Before this week, Romney's most infamous example of his willingness to employ the Big Lie was the "I built that" campaign, based on the premise that Barack Obama had told business owners in America "You didn't built that", in other words that they didn't build their businesses.
Romney's attack on Obama depended upon the fact that Obama often ignores the soundbite culture of politics in 2012, and actually tries to explain his positions using more than a catchy advertising slogan. In this case, Obama was explaining, as Will Rogers had explained it 80 years ago as well, that business owners never single-handedly build their businesses, but work in collaboration with others, and that they depend upon government in many ways, for example building roads and bridges. About the latter, Obama had told business owners—"You didn't build that"—which of course they didn't.
Romney focused upon those words, claiming the President had meant instead that the business owners hadn't built their businesses. While Obama did imply, rightly, that business owners don't function alone in building their businesses, he certainly never said anything like what Romney claimed. Yet, Obama soon found himself having to explain and defend himself against the false charge that he was anti-business. What Obama had clearly demonstrated was that he was not business first and only, but understood that American business fits into a broad community relationship, where a collective interest and investment enables many individuals and corporations to prosper. In that sense, Obama was arguing, government is most certainly a partner with business, and not its enemy.
Now, Romney is up to his old tricks, claiming that President Obama dismissed the recent death of Ambassador Christopher Stevens, and three other Americans, in Benghazi, Libya, as just a "bump in the road". While Obama did in fact use the words "bump in the road" to describe the recent events in the Middle East, the context in which he did so gives no indication he was being in any way dismissive or blithe about the deaths of the Americans in Libya, or the recent widespread protests (some involving occupations of and attacks on US embassy grounds) in Muslim countries over the anti-Islamic movie, Innocence of Muslims.
Here is what Barack Obama actually said, on 60 Minutes on Sunday night, when he was asked if recent events in the Middle East had caused him to have second thoughts about supporting the political process and governments that had arisen as a result of the Arab Spring:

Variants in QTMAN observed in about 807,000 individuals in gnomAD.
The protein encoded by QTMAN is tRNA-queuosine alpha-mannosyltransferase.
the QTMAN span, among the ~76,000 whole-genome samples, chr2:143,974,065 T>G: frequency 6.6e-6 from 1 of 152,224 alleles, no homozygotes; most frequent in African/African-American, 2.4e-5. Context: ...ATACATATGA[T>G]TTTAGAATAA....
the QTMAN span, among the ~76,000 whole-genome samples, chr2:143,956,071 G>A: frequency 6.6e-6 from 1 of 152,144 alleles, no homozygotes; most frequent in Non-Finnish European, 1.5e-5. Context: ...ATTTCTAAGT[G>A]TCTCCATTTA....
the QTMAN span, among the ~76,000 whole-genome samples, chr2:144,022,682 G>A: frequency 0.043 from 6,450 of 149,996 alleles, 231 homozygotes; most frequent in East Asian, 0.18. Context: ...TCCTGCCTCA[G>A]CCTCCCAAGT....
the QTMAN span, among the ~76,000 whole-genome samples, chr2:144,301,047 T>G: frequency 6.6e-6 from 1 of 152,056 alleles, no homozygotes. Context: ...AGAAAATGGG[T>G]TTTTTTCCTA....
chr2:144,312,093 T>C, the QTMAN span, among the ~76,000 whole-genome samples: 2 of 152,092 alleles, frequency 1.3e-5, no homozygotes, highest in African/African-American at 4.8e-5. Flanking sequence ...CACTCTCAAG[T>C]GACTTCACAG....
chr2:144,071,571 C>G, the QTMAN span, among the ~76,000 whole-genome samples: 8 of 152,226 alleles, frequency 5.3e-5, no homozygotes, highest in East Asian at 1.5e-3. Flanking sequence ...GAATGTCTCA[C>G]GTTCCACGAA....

Well, I'd said even at the time [of the Arab Spring] that this is going to be a rocky path. The question presumes that somehow we could have stopped this wave of change. I think it was absolutely the right thing for us to do to align ourselves with democracy, universal rights, a notion that people have to be able to participate in their own governance. But I was pretty certain and continue to be pretty certain that there are going to be bumps in the road because, you know, in a lot of these places, the one organizing principle has been Islam. The one part of society that hasn't been controlled completely by the government. There are strains of extremism, and anti-Americanism, and anti-Western sentiment. And, you know, can be tapped into by demagogues. There will probably be some times where we bump up against some of these countries and have strong disagreements, but I do think that over the long term we are more likely to get a Middle East and North Africa that is more peaceful, more prosperous and more aligned with our interests.Whether you agree or disagree with that argument, the fact is it is a coherent and worthwhile point of view to put forward, and Mitt Romney, if he is going to oppose the President on this, should have an equally coherent counterproposal.
Here is what Mitt Romney said on the same program concerning how he would "ease the anti-American sentiment...in the Middle East":